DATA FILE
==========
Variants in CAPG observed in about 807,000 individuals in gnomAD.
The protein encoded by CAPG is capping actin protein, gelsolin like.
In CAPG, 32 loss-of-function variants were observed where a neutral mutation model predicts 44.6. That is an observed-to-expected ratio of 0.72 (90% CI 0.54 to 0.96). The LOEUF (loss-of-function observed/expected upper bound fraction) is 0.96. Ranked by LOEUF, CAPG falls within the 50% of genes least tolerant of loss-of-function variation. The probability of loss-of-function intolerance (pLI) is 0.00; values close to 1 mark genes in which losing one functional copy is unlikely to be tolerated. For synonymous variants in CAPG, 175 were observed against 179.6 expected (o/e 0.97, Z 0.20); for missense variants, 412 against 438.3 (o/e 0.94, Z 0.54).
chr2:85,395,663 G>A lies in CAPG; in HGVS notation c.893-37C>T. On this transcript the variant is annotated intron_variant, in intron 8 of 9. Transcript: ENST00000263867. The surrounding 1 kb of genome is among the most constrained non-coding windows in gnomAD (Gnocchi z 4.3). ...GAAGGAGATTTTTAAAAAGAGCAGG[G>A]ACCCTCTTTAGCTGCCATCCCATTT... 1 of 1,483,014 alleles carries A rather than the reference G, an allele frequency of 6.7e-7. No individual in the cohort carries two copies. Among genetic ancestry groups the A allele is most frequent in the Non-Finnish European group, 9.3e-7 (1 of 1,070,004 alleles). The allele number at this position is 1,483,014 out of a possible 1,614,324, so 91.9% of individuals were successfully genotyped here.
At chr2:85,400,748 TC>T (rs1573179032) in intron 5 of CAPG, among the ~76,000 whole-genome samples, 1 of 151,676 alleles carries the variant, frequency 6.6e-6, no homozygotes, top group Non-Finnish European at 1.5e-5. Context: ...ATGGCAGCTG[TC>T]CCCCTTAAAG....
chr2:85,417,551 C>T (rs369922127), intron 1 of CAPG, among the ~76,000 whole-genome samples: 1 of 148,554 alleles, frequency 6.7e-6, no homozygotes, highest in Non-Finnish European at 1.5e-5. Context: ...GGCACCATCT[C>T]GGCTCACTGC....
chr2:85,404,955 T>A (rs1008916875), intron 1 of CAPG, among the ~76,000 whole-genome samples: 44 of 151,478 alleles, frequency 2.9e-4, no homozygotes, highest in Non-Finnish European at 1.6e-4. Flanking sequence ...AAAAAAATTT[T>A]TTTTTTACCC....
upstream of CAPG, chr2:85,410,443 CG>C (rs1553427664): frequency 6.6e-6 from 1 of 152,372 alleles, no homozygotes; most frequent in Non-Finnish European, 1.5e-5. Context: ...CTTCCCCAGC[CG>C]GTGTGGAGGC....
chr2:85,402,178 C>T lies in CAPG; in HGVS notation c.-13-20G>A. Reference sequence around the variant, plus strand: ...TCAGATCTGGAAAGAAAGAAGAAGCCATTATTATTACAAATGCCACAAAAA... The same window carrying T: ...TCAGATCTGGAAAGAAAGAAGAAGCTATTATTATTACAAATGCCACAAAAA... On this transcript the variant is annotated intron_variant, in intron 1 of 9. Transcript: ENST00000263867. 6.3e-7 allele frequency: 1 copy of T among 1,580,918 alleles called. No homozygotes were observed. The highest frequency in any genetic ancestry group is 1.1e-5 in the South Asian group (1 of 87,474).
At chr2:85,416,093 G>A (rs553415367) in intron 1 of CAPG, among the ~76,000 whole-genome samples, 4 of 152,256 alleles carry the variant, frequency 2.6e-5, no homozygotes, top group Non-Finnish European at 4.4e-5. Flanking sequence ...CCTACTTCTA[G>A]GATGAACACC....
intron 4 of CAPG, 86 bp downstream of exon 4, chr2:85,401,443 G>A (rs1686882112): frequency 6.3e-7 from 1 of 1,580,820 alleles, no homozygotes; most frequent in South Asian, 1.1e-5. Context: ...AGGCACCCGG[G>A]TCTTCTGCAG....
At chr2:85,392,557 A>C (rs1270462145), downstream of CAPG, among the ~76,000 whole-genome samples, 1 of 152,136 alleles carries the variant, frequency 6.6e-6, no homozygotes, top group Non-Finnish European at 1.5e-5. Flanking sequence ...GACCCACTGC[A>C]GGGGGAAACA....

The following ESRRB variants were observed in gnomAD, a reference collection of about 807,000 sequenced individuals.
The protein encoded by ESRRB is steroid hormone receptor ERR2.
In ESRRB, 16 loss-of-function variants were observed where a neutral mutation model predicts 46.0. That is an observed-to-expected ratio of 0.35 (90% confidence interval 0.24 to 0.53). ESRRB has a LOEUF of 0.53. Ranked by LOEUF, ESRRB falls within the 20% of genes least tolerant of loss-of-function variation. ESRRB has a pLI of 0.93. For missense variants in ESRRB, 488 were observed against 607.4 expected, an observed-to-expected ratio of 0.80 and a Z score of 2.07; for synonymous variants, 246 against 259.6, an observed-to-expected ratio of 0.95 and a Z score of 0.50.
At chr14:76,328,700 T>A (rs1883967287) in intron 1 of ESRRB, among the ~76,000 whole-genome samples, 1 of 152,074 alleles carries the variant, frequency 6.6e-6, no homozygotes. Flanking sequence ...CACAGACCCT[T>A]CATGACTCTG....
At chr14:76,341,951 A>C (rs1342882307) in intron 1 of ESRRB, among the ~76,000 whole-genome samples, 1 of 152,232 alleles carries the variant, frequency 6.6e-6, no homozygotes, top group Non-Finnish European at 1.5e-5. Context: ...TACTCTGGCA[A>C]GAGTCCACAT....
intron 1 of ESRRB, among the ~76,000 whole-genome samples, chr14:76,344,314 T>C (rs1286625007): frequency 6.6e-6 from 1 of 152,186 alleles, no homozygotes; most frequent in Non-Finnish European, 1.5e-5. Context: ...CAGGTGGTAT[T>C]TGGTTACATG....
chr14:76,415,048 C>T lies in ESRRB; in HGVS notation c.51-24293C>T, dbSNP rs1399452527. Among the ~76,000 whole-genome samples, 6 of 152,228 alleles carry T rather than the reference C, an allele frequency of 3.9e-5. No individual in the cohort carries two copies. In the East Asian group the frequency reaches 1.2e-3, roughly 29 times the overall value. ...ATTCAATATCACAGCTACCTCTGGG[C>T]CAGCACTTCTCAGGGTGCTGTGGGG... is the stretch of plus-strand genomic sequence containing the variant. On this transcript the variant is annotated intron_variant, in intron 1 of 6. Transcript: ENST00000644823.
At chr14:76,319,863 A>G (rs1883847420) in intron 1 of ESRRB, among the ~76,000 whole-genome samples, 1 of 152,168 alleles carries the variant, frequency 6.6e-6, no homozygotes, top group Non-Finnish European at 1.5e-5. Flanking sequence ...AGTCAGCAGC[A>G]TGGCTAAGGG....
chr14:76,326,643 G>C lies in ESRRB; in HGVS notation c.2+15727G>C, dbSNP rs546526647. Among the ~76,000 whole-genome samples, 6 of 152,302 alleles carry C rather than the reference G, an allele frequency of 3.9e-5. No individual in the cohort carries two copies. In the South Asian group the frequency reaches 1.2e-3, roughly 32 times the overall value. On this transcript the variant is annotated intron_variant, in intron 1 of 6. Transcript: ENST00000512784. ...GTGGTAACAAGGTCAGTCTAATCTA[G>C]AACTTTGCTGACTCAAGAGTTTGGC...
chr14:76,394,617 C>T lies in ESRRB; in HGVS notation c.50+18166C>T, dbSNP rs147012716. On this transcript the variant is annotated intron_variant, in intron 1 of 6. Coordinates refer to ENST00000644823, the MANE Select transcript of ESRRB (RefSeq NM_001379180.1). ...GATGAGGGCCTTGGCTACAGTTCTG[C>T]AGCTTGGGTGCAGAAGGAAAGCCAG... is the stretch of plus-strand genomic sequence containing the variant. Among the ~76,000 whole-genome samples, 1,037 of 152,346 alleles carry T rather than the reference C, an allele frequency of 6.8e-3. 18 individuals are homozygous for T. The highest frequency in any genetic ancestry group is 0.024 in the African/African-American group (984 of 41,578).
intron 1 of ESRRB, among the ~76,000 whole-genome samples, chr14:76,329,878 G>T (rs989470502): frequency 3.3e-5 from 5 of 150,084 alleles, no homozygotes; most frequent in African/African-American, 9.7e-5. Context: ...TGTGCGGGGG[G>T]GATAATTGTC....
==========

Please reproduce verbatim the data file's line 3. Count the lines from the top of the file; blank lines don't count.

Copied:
In CAPG, 32 loss-of-function variants were observed where a neutral mutation model predicts 44.6. That is an observed-to-expected ratio of 0.72 (90% CI 0.54 to 0.96). The LOEUF (loss-of-function observed/expected upper bound fraction) is 0.96. Ranked by LOEUF, CAPG falls within the 50% of genes least tolerant of loss-of-function variation. The probability of loss-of-function intolerance (pLI) is 0.00; values close to 1 mark genes in which losing one functional copy is unlikely to be tolerated. For synonymous variants in CAPG, 175 were observed against 179.6 expected (o/e 0.97, Z 0.20); for missense variants, 412 against 438.3 (o/e 0.94, Z 0.54).